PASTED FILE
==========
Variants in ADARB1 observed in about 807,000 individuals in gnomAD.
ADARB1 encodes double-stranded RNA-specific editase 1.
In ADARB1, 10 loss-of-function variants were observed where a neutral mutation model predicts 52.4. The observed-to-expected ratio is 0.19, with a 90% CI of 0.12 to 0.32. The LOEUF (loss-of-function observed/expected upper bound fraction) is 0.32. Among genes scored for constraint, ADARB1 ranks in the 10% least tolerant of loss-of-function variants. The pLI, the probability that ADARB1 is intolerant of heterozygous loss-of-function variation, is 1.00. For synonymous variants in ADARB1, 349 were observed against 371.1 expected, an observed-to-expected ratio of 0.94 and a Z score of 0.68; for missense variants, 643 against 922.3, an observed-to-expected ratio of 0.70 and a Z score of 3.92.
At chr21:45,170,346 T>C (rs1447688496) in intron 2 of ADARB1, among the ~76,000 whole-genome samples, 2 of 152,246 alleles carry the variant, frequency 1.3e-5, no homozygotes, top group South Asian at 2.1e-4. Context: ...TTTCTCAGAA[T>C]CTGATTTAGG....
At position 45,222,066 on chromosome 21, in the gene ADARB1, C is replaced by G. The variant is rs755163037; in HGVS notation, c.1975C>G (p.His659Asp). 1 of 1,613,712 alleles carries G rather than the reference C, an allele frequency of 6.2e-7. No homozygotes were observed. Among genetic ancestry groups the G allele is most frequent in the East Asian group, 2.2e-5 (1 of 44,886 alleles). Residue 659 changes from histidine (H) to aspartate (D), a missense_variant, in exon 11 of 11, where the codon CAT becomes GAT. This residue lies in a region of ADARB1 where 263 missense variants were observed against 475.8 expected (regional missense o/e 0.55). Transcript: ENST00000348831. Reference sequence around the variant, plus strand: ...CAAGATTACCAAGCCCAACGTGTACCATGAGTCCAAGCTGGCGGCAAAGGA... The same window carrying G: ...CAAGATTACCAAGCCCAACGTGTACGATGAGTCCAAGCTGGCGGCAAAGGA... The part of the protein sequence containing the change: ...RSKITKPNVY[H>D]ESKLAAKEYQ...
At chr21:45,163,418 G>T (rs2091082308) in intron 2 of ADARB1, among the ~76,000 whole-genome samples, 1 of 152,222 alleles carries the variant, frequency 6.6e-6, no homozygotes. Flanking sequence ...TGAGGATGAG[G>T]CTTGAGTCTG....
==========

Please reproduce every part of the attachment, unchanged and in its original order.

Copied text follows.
Variants in ADARB1 observed in about 807,000 individuals in gnomAD.
ADARB1 encodes double-stranded RNA-specific editase 1.
In ADARB1, 10 loss-of-function variants were observed where a neutral mutation model predicts 52.4. The observed-to-expected ratio is 0.19, with a 90% CI of 0.12 to 0.32. The LOEUF (loss-of-function observed/expected upper bound fraction) is 0.32. Among genes scored for constraint, ADARB1 ranks in the 10% least tolerant of loss-of-function variants. The pLI, the probability that ADARB1 is intolerant of heterozygous loss-of-function variation, is 1.00. For synonymous variants in ADARB1, 349 were observed against 371.1 expected, an observed-to-expected ratio of 0.94 and a Z score of 0.68; for missense variants, 643 against 922.3, an observed-to-expected ratio of 0.70 and a Z score of 3.92.
At chr21:45,170,346 T>C (rs1447688496) in intron 2 of ADARB1, among the ~76,000 whole-genome samples, 2 of 152,246 alleles carry the variant, frequency 1.3e-5, no homozygotes, top group South Asian at 2.1e-4. Context: ...TTTCTCAGAA[T>C]CTGATTTAGG....
At position 45,222,066 on chromosome 21, in the gene ADARB1, C is replaced by G. The variant is rs755163037; in HGVS notation, c.1975C>G (p.His659Asp). 1 of 1,613,712 alleles carries G rather than the reference C, an allele frequency of 6.2e-7. No homozygotes were observed. Among genetic ancestry groups the G allele is most frequent in the East Asian group, 2.2e-5 (1 of 44,886 alleles). Residue 659 changes from histidine (H) to aspartate (D), a missense_variant, in exon 11 of 11, where the codon CAT becomes GAT. This residue lies in a region of ADARB1 where 263 missense variants were observed against 475.8 expected (regional missense o/e 0.55). Transcript: ENST00000348831. Reference sequence around the variant, plus strand: ...CAAGATTACCAAGCCCAACGTGTACCATGAGTCCAAGCTGGCGGCAAAGGA... The same window carrying G: ...CAAGATTACCAAGCCCAACGTGTACGATGAGTCCAAGCTGGCGGCAAAGGA... The part of the protein sequence containing the change: ...RSKITKPNVY[H>D]ESKLAAKEYQ...
At chr21:45,163,418 G>T (rs2091082308) in intron 2 of ADARB1, among the ~76,000 whole-genome samples, 1 of 152,222 alleles carries the variant, frequency 6.6e-6, no homozygotes. Flanking sequence ...TGAGGATGAG[G>T]CTTGAGTCTG....